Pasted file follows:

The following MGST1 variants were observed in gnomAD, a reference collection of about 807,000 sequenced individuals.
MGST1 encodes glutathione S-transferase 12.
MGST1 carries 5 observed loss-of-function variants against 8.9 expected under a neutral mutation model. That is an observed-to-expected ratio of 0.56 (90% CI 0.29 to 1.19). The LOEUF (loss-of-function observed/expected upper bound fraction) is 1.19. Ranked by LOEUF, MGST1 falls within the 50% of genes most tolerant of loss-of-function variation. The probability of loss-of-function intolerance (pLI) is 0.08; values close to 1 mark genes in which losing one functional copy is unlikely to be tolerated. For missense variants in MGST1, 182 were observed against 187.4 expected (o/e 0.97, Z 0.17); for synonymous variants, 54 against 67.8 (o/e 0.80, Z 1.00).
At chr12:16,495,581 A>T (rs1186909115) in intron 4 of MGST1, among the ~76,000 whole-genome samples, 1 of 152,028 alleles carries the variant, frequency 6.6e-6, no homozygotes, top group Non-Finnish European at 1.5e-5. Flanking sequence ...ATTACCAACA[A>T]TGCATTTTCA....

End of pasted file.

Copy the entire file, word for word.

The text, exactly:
The following MGST1 variants were observed in gnomAD, a reference collection of about 807,000 sequenced individuals.
MGST1 encodes glutathione S-transferase 12.
MGST1 carries 5 observed loss-of-function variants against 8.9 expected under a neutral mutation model. That is an observed-to-expected ratio of 0.56 (90% CI 0.29 to 1.19). The LOEUF (loss-of-function observed/expected upper bound fraction) is 1.19. Ranked by LOEUF, MGST1 falls within the 50% of genes most tolerant of loss-of-function variation. The probability of loss-of-function intolerance (pLI) is 0.08; values close to 1 mark genes in which losing one functional copy is unlikely to be tolerated. For missense variants in MGST1, 182 were observed against 187.4 expected (o/e 0.97, Z 0.17); for synonymous variants, 54 against 67.8 (o/e 0.80, Z 1.00).
At chr12:16,495,581 A>T (rs1186909115) in intron 4 of MGST1, among the ~76,000 whole-genome samples, 1 of 152,028 alleles carries the variant, frequency 6.6e-6, no homozygotes, top group Non-Finnish European at 1.5e-5. Flanking sequence ...ATTACCAACA[A>T]TGCATTTTCA....